The purpose of this perspective study was to evaluate which prognostic factors predict long-term survival and disease-free survival (DFS) of elderly patients (≥ 65 years) who underwent surgery for colorectal carcinoma. Between fanuary 1992 and December 1998, 196 colorectal cancer patients ≥ 65 years (114M; 82F; mean age: 75 years; range: 65-92) underwent surgery. One hundred forty-five (74%) of them underwent curative surgery and emergency surgery was more common in patients ≥ 75 years of age than among those younger than 75 years (39% vs 23%; p = 0.01). The overall peroperative mortality rate was 3% (n = 6). The median length of hospital stay was 18 days (range: 3-86 days). By univariate analysis, intraoperative bleeding (≥ 500 cc; p = 0.002), length of surgery (≥ 240 min.; p = 0.004), and rectal cancer (p = 0.0001) were associated with complications. By multivariate analysis, only rectal cancer (p = 0.002) was associated with complications. The overall 1, 3-, and 5-year survival rate and DFS rate were 97%, 82%, 74%, and. 86%, 64% and 60% respectively. Using multivariate analysis only tumour stage (p <0.0001) and peroperative blood transfusions (≥ 500 cc; p = 0.006) were associated with outcome. Treatment decisions in elderly patients with colorectal carcinoma should not be influenced by the chronologic age of the patient.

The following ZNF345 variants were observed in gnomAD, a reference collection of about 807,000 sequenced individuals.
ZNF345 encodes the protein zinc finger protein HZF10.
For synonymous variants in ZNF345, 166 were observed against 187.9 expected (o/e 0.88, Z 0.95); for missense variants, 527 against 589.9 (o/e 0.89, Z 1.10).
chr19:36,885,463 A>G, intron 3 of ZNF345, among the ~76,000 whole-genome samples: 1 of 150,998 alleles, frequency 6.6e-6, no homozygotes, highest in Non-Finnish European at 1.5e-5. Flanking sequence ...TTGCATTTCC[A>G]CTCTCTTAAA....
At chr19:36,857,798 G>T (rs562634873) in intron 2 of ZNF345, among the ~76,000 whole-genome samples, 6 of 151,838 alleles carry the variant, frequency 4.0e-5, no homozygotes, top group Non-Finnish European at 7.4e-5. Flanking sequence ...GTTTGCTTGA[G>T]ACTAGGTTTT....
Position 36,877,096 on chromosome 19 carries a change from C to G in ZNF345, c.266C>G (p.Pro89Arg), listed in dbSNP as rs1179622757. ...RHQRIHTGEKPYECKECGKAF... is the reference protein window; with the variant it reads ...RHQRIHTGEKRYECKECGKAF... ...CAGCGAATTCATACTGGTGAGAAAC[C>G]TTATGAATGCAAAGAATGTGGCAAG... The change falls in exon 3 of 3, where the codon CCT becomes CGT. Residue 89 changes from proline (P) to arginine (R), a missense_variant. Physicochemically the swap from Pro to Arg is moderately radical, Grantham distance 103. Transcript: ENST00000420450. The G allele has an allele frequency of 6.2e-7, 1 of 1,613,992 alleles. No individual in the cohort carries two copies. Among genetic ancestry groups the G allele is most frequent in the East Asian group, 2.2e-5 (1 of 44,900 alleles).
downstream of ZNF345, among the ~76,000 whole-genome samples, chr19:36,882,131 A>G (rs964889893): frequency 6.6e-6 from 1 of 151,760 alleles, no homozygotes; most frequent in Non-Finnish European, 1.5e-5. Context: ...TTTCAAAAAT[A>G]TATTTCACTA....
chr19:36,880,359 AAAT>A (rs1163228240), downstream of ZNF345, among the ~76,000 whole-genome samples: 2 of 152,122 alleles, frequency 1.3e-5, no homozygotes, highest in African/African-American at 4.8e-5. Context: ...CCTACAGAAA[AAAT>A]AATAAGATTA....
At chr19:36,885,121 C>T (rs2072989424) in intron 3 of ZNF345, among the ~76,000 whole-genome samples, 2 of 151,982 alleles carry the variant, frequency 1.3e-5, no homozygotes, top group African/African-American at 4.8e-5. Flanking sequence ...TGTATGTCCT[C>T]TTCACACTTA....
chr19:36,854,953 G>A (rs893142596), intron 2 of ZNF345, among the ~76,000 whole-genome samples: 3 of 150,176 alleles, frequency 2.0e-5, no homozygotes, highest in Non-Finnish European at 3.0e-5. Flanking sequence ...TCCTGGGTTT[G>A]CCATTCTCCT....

|Number of pages||6|
|Journal||Annali Italiani di Chirurgia|
|Publication status||Published - Jul 2000|
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